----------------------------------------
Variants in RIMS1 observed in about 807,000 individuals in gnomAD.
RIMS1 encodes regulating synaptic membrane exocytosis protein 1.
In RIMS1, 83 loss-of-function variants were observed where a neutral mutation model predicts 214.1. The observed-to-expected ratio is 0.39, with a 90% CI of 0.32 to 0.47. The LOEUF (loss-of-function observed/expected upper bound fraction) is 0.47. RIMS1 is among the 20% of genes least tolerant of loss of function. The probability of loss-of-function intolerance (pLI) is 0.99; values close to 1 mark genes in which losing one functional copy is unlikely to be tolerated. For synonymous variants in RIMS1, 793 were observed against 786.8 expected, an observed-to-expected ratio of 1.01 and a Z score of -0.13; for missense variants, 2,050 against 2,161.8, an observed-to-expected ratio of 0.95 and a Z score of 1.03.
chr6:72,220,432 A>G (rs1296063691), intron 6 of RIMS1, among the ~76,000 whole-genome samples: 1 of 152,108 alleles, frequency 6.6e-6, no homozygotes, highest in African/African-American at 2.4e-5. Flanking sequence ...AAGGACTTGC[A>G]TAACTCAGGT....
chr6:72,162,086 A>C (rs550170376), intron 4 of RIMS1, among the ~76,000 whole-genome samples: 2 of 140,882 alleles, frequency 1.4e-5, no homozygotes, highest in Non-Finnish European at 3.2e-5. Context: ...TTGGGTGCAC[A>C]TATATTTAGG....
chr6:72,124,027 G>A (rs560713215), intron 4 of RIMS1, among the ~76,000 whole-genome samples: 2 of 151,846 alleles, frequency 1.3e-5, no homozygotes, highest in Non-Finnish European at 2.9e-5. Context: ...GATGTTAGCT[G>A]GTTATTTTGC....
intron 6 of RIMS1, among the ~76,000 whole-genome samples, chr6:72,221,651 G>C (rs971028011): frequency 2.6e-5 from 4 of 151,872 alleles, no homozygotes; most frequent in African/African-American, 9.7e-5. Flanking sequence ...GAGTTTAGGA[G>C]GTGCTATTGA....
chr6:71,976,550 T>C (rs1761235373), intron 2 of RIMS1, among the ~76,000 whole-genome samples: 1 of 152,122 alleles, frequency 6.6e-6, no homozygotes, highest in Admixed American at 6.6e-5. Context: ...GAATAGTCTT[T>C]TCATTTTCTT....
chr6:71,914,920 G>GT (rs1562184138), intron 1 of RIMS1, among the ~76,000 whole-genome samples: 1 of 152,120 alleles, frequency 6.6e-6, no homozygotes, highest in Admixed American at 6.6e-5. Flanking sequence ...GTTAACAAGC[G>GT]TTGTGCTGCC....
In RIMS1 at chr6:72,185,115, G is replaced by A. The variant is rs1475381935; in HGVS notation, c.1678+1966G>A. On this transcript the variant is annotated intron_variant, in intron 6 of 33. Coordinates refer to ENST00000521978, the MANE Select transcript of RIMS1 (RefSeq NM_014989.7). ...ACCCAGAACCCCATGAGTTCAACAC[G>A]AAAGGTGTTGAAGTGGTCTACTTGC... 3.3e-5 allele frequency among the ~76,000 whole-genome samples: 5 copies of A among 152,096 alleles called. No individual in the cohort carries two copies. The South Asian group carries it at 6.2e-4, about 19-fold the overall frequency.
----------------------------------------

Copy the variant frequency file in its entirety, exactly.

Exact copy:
Variants in RIMS1 observed in about 807,000 individuals in gnomAD.
RIMS1 encodes regulating synaptic membrane exocytosis protein 1.
In RIMS1, 83 loss-of-function variants were observed where a neutral mutation model predicts 214.1. The observed-to-expected ratio is 0.39, with a 90% CI of 0.32 to 0.47. The LOEUF (loss-of-function observed/expected upper bound fraction) is 0.47. RIMS1 is among the 20% of genes least tolerant of loss of function. The probability of loss-of-function intolerance (pLI) is 0.99; values close to 1 mark genes in which losing one functional copy is unlikely to be tolerated. For synonymous variants in RIMS1, 793 were observed against 786.8 expected, an observed-to-expected ratio of 1.01 and a Z score of -0.13; for missense variants, 2,050 against 2,161.8, an observed-to-expected ratio of 0.95 and a Z score of 1.03.
chr6:72,220,432 A>G (rs1296063691), intron 6 of RIMS1, among the ~76,000 whole-genome samples: 1 of 152,108 alleles, frequency 6.6e-6, no homozygotes, highest in African/African-American at 2.4e-5. Flanking sequence ...AAGGACTTGC[A>G]TAACTCAGGT....
chr6:72,162,086 A>C (rs550170376), intron 4 of RIMS1, among the ~76,000 whole-genome samples: 2 of 140,882 alleles, frequency 1.4e-5, no homozygotes, highest in Non-Finnish European at 3.2e-5. Context: ...TTGGGTGCAC[A>C]TATATTTAGG....
chr6:72,124,027 G>A (rs560713215), intron 4 of RIMS1, among the ~76,000 whole-genome samples: 2 of 151,846 alleles, frequency 1.3e-5, no homozygotes, highest in Non-Finnish European at 2.9e-5. Context: ...GATGTTAGCT[G>A]GTTATTTTGC....
intron 6 of RIMS1, among the ~76,000 whole-genome samples, chr6:72,221,651 G>C (rs971028011): frequency 2.6e-5 from 4 of 151,872 alleles, no homozygotes; most frequent in African/African-American, 9.7e-5. Flanking sequence ...GAGTTTAGGA[G>C]GTGCTATTGA....
chr6:71,976,550 T>C (rs1761235373), intron 2 of RIMS1, among the ~76,000 whole-genome samples: 1 of 152,122 alleles, frequency 6.6e-6, no homozygotes, highest in Admixed American at 6.6e-5. Context: ...GAATAGTCTT[T>C]TCATTTTCTT....
chr6:71,914,920 G>GT (rs1562184138), intron 1 of RIMS1, among the ~76,000 whole-genome samples: 1 of 152,120 alleles, frequency 6.6e-6, no homozygotes, highest in Admixed American at 6.6e-5. Flanking sequence ...GTTAACAAGC[G>GT]TTGTGCTGCC....
In RIMS1 at chr6:72,185,115, G is replaced by A. The variant is rs1475381935; in HGVS notation, c.1678+1966G>A. On this transcript the variant is annotated intron_variant, in intron 6 of 33. Coordinates refer to ENST00000521978, the MANE Select transcript of RIMS1 (RefSeq NM_014989.7). ...ACCCAGAACCCCATGAGTTCAACAC[G>A]AAAGGTGTTGAAGTGGTCTACTTGC... 3.3e-5 allele frequency among the ~76,000 whole-genome samples: 5 copies of A among 152,096 alleles called. No individual in the cohort carries two copies. The South Asian group carries it at 6.2e-4, about 19-fold the overall frequency.